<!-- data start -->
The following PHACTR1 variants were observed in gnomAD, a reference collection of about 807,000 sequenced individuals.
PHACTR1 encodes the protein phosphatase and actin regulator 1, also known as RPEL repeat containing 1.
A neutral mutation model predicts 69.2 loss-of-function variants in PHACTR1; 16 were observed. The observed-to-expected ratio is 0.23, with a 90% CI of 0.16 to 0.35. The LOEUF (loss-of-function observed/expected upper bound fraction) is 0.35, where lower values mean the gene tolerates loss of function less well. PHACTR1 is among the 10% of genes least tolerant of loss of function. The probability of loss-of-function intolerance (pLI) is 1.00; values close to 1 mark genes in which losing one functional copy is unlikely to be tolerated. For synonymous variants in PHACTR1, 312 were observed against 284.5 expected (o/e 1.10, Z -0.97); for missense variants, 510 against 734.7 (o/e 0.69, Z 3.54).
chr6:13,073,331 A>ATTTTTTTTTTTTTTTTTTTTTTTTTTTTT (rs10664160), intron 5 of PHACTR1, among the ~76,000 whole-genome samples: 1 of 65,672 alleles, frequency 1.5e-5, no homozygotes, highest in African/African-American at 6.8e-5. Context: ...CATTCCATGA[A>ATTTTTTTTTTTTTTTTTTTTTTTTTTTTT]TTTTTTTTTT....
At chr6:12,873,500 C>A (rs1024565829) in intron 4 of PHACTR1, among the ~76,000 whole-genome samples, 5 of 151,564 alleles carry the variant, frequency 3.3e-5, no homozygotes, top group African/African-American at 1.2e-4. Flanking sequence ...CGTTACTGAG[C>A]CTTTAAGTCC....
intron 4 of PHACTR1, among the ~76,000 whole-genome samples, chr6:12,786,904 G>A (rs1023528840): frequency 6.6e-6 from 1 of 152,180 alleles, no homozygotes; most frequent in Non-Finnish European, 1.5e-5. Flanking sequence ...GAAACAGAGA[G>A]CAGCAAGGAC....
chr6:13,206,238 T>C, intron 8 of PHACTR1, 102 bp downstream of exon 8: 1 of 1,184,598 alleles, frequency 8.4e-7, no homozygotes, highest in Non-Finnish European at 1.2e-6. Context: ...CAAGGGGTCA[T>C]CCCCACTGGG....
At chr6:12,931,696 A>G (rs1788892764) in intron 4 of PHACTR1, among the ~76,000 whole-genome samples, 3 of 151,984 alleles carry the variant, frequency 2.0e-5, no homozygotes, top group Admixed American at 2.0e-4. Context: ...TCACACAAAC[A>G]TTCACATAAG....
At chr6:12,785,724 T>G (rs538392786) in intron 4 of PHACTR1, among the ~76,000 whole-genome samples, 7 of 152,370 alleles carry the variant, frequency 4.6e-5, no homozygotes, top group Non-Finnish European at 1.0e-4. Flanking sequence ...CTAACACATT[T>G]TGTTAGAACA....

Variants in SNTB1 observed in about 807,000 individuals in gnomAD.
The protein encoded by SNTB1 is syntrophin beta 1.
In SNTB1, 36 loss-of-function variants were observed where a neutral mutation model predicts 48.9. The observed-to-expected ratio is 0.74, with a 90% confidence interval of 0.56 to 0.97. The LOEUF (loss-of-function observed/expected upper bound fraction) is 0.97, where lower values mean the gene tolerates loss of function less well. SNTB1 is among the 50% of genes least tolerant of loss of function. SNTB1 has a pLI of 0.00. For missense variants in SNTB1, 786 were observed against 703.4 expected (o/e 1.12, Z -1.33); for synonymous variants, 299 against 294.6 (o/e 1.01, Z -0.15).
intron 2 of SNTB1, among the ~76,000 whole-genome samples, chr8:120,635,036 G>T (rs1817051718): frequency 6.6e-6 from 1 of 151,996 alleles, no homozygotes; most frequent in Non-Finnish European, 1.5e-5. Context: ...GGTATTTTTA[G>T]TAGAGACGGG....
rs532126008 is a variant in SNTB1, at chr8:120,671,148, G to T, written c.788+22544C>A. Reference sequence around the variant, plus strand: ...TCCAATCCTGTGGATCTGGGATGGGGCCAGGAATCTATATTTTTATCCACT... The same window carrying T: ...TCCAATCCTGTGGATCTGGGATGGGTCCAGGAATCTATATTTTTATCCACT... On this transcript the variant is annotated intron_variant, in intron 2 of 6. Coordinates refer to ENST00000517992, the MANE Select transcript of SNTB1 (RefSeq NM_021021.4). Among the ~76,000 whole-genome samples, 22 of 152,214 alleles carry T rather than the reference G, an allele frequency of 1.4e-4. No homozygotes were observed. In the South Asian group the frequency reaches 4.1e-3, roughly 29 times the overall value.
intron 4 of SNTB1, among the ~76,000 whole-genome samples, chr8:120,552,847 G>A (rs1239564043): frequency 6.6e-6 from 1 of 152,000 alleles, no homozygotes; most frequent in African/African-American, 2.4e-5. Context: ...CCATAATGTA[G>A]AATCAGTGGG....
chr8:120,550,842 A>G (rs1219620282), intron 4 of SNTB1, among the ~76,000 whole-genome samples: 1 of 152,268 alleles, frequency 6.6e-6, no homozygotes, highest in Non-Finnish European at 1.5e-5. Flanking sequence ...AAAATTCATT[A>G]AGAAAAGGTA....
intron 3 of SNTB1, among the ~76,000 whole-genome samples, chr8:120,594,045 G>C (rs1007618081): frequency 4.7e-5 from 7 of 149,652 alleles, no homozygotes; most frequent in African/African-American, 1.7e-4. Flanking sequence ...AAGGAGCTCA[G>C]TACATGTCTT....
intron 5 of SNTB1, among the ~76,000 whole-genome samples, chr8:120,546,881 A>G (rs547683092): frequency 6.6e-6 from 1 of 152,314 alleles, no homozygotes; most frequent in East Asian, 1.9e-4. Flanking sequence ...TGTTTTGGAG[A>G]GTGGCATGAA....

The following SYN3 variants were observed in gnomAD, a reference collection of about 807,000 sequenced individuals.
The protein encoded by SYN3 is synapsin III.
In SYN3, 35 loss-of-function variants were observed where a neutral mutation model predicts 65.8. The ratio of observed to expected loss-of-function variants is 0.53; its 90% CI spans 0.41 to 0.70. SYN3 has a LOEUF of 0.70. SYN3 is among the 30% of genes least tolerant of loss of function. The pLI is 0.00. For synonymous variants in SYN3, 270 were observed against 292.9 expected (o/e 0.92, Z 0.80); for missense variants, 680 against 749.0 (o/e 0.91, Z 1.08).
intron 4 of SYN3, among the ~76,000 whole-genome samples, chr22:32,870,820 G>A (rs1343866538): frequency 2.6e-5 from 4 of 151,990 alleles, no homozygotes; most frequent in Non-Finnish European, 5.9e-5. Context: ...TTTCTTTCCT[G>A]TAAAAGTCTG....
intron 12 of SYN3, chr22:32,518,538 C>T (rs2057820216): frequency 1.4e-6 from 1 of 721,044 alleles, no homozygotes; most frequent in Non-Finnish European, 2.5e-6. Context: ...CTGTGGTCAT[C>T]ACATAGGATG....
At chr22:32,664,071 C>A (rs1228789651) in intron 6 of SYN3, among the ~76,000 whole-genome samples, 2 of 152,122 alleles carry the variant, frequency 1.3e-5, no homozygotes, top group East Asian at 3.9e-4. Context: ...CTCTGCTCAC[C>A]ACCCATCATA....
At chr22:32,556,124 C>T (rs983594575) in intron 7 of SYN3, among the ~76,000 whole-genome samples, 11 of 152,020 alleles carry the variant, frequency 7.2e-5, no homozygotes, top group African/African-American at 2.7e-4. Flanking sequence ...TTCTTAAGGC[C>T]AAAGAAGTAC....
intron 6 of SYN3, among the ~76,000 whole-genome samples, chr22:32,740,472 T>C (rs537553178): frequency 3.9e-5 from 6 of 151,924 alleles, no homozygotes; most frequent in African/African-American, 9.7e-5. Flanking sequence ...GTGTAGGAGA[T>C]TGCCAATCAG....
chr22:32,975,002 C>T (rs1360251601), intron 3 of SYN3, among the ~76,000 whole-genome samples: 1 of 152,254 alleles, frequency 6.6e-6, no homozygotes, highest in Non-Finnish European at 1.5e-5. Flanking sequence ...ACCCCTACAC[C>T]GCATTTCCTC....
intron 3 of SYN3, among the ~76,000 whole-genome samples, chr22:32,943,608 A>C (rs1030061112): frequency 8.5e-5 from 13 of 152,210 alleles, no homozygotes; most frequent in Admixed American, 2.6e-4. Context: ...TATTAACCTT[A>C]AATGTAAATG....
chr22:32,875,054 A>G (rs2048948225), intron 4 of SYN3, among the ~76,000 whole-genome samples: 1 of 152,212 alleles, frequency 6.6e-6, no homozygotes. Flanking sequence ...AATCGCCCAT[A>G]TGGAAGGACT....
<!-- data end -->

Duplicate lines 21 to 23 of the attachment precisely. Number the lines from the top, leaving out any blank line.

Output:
In SYN3, 35 loss-of-function variants were observed where a neutral mutation model predicts 65.8. The ratio of observed to expected loss-of-function variants is 0.53; its 90% CI spans 0.41 to 0.70. SYN3 has a LOEUF of 0.70. SYN3 is among the 30% of genes least tolerant of loss of function. The pLI is 0.00. For synonymous variants in SYN3, 270 were observed against 292.9 expected (o/e 0.92, Z 0.80); for missense variants, 680 against 749.0 (o/e 0.91, Z 1.08).
intron 4 of SYN3, among the ~76,000 whole-genome samples, chr22:32,870,820 G>A (rs1343866538): frequency 2.6e-5 from 4 of 151,990 alleles, no homozygotes; most frequent in Non-Finnish European, 5.9e-5. Context: ...TTTCTTTCCT[G>A]TAAAAGTCTG....
intron 12 of SYN3, chr22:32,518,538 C>T (rs2057820216): frequency 1.4e-6 from 1 of 721,044 alleles, no homozygotes; most frequent in Non-Finnish European, 2.5e-6. Context: ...CTGTGGTCAT[C>T]ACATAGGATG....